‘Excuse me. Can I get past? Excuse me,’ she said, weaving through the slow slouch of bodies. ‘Thank you. Can I get through?’

‘This is not a Sunday picnic, class. Move along!’ came the shrill Irish tones of Esther Creighton bringing up the rear.

Carla smiled in grateful acknowledgment, then hurried on, leaving Esther open-mouthed as the opportunity for a corridor gossip slipped by.

She was out of breath by the time she heard the familiar
tap tap tap
of Daphne at the word processor. The secretary stopped and peered over her glasses as Carla burst into the office. On the desk lay the black telephone receiver dislocated from the rest of the instrument.

‘Catch your breath, honey,’ Daphne purred, slipping a Mint Imperial into her mouth. The room stank of cigarette smoke.

Carla picked up the phone. ‘Hello?’ She could hear a hum of voices in the background. ‘Hello?’

‘Carla.’ The voice at the other end was familiar. ‘Sorry to disturb you at work, but I thought you’d want to know.’

Carla’s gums prickled.

‘Your test results, they’re back. It’s not Giardia after all.’

Carla closed her eyes. ‘More serious?’

‘Well, you’re …’ Her doctor’s voice was smiling. ‘Carla, you’re pregnant.’

‘I’m what?’ Carla began to tremble. ‘Are you … I mean, that’s impossible!’ Eight years of trying. Her mind spun through it all.

The doctor kept talking, Daphne kept typing, and Carla wept and laughed at the same time.

When she finally replaced the handset, Daphne was waiting with a box of apricot tissues and her tell-me-all eyes. But Carla
wasn’t ready to talk. Silence would keep her baby safe. She excused herself and wandered back through the narrow corridors, past rows of hooked schoolbags spilling lunch boxes and books onto the floor, past frosted doors and serious silhouettes, past years of anguish and effort and resignation. And just before she reached her classroom, she turned and headed out into the sunshine.

The playground beckoned. Carla climbed onto the paint-peeled jungle gym, scaling the scarred yellow bars till she was teetering on the very top. Kevin was going to be a father. She flicked off her shoes, letting them drop to the ground. Her toes curled around the cool metal. Her father was going to be a
nonno
. She closed her eyes and stretched out her arms sideways, letting the cool fingers of breeze caress her. Then she jumped, her skirt billowing out to trap the freedom. She tumbled onto the grass and fell back on the damp earth, a twig snagging in her hair. ‘I’m going to be mother!’ she shouted, gazing up into the blue. ‘I’m going to be a mother!’

Then she saw them, her students’ faces pressed hard up against the classroom window – noses flattened, fingers pointing, hot breath misting up the glass – and behind them, squinting, a bemused Miss Carr.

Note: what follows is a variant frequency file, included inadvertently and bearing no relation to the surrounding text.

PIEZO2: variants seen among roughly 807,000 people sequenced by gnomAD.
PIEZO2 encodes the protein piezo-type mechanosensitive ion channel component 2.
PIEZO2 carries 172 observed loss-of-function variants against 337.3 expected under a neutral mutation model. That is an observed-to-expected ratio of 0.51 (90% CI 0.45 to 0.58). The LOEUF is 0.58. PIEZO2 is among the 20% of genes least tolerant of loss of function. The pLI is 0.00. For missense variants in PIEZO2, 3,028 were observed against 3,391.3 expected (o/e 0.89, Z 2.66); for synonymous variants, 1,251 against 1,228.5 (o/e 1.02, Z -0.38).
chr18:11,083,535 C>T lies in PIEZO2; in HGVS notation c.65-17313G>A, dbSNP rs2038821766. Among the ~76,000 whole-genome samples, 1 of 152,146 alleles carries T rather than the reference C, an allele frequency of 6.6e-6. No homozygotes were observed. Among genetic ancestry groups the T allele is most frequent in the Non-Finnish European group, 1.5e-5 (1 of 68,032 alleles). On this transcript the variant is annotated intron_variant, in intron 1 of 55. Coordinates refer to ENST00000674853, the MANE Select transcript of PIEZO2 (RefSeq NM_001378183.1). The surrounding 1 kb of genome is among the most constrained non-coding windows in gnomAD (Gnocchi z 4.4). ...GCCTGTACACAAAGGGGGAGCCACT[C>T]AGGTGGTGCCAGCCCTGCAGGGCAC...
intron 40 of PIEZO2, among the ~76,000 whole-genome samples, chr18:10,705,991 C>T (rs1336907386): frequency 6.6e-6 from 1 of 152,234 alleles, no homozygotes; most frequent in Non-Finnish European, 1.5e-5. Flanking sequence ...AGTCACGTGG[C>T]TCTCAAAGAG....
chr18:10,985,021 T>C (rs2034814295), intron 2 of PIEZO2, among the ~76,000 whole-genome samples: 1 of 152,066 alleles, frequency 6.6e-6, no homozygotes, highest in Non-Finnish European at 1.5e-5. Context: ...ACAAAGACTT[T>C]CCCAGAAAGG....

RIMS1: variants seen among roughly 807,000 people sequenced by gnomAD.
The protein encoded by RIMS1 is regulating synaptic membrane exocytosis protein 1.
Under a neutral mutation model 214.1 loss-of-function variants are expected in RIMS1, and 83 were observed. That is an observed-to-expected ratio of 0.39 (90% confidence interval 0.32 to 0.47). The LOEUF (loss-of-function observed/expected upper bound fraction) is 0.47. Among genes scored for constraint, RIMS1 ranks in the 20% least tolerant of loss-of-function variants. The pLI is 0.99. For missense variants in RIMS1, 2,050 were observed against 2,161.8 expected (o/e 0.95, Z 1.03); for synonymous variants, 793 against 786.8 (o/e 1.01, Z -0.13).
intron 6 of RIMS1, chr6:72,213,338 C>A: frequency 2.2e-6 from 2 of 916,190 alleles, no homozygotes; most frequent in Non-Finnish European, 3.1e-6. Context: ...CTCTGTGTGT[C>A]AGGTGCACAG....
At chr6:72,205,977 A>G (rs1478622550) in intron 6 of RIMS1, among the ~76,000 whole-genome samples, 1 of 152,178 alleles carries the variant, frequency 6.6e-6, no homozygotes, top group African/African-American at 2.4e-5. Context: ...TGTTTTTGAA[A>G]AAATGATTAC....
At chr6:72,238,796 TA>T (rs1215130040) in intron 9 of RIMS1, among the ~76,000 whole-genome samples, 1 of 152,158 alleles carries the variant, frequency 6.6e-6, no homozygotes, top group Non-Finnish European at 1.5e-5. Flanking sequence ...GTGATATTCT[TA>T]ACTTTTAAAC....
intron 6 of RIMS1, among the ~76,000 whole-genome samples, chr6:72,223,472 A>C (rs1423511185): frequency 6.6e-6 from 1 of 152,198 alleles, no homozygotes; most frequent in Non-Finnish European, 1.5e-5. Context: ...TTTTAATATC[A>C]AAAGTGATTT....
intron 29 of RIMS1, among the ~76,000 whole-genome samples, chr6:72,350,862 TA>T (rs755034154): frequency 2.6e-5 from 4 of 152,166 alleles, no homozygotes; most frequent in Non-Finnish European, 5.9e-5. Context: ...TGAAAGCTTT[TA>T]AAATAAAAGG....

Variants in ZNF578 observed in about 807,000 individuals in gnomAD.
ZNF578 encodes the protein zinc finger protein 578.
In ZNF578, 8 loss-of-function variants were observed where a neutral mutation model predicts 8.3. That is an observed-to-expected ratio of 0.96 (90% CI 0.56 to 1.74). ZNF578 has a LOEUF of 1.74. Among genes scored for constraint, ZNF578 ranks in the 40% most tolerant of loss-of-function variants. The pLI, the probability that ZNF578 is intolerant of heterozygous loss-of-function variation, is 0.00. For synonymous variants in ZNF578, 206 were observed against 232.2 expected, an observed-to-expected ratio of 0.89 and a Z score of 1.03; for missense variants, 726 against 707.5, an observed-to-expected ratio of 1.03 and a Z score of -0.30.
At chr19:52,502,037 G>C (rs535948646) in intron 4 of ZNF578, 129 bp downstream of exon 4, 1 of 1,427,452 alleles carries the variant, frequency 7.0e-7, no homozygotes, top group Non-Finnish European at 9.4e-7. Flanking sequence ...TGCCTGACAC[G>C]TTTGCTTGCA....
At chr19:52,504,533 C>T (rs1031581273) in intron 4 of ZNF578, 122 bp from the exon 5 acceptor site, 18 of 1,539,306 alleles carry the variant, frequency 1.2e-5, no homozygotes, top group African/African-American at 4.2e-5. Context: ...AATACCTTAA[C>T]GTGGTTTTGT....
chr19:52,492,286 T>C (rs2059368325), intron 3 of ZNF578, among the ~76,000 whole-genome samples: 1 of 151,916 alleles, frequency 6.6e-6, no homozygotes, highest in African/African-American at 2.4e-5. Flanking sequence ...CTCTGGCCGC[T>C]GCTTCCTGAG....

1991

‘Fuck, Debs, I’m pregnant,’ Miriama Kāpehu said, flicking off the top of a bottle of DB Draught and taking a long swig.

‘You what?’

‘I’m pregnant.’

‘Choice, girl,’ Debs said, eyeing her friend’s flat midriff with a mix of respect and suspicion.

‘It’s not bloody choice. Joel will lose me soon as he finds out. And I can’t go back to the olds now. Not after running away with
a man with a patch,’ she groaned, shaking her slight shoulders to imitate his staunch stance. ‘I’m stuffed.’

‘Teach you for letting him poke you without protection, girl,’ Debs said, snorting with laughter.

Miriama lay back in the dry grass and looked up at the sky littered with shredded clouds. ‘Got a smoke?’

Debs passed over her half-smoked cigarette. ‘How far gone?’

‘I dunno.’ Miriama inhaled deeply. ‘Three months, maybe.’

‘Three months! Too late for Family Planning, hon.’ Debs broke a twig in two and used the sharp end to clean one of her fingernails. ‘I knows this woman who does the business. Cost you ’bout a hundy to get rid of it.’

The two girls lay beside an upturned supermarket trolley in the middle of the empty lot, contemplating Miriama’s predicament.

‘Hey, you can’t have the whole smoke,’ her friend said, grabbing back the glowing stub. ‘It’s my last one.’

A week later, in some house in Drover Street, in a dank-smelling bedroom with peeling pink wallpaper, Miriama lay back on a grey plastic tarp. It stuck to the backs of her thighs and left a crisscross pattern on her bottom. She spread her legs, and a woman whose name Miriama never got to know stuck a knitting needle through the mouth of her young womb. But it was a hundred dollars wasted, because the
koru